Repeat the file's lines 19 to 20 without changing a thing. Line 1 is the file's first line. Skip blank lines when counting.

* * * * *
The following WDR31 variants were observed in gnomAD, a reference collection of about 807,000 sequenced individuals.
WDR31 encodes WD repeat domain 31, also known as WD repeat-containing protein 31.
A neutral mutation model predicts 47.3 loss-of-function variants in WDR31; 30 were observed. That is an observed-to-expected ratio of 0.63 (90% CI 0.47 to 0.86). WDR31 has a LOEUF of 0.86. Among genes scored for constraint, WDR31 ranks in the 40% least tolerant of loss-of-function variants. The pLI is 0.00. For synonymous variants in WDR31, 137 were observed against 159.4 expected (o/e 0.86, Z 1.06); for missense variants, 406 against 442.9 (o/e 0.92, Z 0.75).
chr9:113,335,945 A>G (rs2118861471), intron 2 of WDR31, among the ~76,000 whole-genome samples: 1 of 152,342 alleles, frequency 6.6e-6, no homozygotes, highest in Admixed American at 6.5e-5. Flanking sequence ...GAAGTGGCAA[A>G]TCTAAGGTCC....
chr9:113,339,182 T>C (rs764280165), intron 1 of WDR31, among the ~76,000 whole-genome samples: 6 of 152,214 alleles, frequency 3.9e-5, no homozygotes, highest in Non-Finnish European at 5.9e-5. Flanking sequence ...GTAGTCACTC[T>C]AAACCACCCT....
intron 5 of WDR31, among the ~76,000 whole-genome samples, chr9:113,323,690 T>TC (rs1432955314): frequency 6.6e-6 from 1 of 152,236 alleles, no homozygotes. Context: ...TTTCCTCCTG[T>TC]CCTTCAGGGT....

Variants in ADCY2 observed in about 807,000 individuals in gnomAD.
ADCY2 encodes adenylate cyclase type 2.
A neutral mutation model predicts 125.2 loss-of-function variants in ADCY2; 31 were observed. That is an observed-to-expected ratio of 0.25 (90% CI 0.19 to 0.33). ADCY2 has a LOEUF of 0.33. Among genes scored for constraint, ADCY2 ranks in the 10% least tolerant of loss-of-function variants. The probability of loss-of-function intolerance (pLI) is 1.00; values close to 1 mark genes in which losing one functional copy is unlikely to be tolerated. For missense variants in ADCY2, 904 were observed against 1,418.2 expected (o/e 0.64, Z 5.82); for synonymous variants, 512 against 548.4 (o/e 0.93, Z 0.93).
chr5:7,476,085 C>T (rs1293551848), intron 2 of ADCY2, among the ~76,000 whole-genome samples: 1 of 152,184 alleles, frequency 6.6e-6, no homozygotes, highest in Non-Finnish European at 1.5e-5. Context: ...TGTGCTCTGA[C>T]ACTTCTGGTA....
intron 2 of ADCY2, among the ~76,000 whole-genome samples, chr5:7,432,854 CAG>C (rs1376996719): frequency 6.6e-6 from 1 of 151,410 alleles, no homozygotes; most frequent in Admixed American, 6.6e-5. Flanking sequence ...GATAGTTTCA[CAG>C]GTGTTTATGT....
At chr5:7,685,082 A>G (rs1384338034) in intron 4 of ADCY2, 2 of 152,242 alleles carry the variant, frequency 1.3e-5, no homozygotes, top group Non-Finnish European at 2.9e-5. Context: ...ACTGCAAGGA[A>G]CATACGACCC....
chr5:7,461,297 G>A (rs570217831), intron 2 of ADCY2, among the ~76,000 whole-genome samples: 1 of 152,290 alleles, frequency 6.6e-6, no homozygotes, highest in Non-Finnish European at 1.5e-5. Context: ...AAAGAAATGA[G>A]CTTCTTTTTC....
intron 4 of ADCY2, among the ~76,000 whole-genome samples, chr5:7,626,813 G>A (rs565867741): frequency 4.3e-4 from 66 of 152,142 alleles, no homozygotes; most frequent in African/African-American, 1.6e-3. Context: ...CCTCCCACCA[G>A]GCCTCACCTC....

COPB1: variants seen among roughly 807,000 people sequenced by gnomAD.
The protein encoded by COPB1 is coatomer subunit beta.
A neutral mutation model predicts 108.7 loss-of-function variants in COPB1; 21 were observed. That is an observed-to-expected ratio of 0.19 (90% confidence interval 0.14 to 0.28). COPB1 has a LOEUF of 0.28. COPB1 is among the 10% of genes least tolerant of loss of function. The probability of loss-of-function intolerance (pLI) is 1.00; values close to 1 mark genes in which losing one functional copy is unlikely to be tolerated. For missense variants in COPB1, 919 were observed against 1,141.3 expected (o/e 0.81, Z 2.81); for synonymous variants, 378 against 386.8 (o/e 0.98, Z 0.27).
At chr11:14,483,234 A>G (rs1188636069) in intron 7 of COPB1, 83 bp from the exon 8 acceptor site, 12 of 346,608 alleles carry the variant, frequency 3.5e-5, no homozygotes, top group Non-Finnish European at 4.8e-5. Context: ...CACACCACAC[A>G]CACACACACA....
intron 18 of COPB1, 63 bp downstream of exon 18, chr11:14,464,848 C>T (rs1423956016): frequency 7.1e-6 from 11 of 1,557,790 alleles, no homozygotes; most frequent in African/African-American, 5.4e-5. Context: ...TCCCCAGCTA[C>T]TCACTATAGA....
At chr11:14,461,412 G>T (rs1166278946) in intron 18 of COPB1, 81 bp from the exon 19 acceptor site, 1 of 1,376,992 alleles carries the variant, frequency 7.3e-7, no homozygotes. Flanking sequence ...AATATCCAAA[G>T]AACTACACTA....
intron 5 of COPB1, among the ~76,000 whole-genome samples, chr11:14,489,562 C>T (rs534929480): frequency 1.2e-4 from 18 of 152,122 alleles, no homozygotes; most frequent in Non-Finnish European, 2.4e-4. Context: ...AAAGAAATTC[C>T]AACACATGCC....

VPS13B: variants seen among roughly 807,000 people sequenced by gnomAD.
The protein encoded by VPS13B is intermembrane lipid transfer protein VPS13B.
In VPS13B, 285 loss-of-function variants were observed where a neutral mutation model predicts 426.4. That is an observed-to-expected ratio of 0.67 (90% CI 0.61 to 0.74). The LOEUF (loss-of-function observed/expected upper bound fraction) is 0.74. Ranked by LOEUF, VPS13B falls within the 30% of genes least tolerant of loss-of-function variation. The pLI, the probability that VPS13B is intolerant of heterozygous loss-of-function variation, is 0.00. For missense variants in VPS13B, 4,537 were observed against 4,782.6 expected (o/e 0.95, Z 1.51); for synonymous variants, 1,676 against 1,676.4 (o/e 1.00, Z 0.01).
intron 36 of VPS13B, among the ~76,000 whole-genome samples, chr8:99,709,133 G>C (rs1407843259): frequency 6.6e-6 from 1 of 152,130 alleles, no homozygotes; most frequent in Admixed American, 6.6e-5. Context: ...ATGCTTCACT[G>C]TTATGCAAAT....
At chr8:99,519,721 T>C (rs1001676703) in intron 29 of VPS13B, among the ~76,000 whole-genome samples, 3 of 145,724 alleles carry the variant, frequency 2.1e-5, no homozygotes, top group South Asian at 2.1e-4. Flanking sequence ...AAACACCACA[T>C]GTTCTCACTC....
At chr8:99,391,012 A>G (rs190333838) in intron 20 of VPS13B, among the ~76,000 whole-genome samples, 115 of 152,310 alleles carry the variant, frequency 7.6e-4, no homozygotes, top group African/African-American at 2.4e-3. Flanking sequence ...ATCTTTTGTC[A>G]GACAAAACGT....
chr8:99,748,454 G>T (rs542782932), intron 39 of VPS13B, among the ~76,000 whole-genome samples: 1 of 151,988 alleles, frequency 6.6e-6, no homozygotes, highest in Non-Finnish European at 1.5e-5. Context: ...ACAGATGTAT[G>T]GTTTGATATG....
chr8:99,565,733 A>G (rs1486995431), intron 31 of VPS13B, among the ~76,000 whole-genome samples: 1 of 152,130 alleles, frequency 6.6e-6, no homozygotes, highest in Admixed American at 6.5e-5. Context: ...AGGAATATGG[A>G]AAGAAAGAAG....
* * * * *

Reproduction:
intron 18 of COPB1, 63 bp downstream of exon 18, chr11:14,464,848 C>T (rs1423956016): frequency 7.1e-6 from 11 of 1,557,790 alleles, no homozygotes; most frequent in African/African-American, 5.4e-5. Context: ...TCCCCAGCTA[C>T]TCACTATAGA....
At chr11:14,461,412 G>T (rs1166278946) in intron 18 of COPB1, 81 bp from the exon 19 acceptor site, 1 of 1,376,992 alleles carries the variant, frequency 7.3e-7, no homozygotes. Flanking sequence ...AATATCCAAA[G>T]AACTACACTA....